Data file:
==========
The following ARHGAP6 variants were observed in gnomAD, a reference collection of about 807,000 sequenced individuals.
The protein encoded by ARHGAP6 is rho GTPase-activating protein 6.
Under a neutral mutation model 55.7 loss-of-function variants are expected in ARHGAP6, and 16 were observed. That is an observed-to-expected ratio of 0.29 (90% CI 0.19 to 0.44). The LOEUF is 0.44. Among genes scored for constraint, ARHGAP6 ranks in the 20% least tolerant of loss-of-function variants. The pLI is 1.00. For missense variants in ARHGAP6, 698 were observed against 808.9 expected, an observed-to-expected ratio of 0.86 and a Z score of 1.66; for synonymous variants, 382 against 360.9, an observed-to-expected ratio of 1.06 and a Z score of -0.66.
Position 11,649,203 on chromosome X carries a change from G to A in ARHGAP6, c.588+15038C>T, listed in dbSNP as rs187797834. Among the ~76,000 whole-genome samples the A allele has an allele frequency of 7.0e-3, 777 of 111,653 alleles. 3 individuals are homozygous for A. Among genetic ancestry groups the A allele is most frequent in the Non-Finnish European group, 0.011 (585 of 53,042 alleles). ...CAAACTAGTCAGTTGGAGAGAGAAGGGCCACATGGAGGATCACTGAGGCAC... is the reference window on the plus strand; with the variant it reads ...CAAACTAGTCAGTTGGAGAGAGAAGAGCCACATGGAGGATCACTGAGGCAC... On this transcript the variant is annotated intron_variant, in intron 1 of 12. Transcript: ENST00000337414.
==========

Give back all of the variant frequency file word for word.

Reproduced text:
The following ARHGAP6 variants were observed in gnomAD, a reference collection of about 807,000 sequenced individuals.
The protein encoded by ARHGAP6 is rho GTPase-activating protein 6.
Under a neutral mutation model 55.7 loss-of-function variants are expected in ARHGAP6, and 16 were observed. That is an observed-to-expected ratio of 0.29 (90% CI 0.19 to 0.44). The LOEUF is 0.44. Among genes scored for constraint, ARHGAP6 ranks in the 20% least tolerant of loss-of-function variants. The pLI is 1.00. For missense variants in ARHGAP6, 698 were observed against 808.9 expected, an observed-to-expected ratio of 0.86 and a Z score of 1.66; for synonymous variants, 382 against 360.9, an observed-to-expected ratio of 1.06 and a Z score of -0.66.
Position 11,649,203 on chromosome X carries a change from G to A in ARHGAP6, c.588+15038C>T, listed in dbSNP as rs187797834. Among the ~76,000 whole-genome samples the A allele has an allele frequency of 7.0e-3, 777 of 111,653 alleles. 3 individuals are homozygous for A. Among genetic ancestry groups the A allele is most frequent in the Non-Finnish European group, 0.011 (585 of 53,042 alleles). ...CAAACTAGTCAGTTGGAGAGAGAAGGGCCACATGGAGGATCACTGAGGCAC... is the reference window on the plus strand; with the variant it reads ...CAAACTAGTCAGTTGGAGAGAGAAGAGCCACATGGAGGATCACTGAGGCAC... On this transcript the variant is annotated intron_variant, in intron 1 of 12. Transcript: ENST00000337414.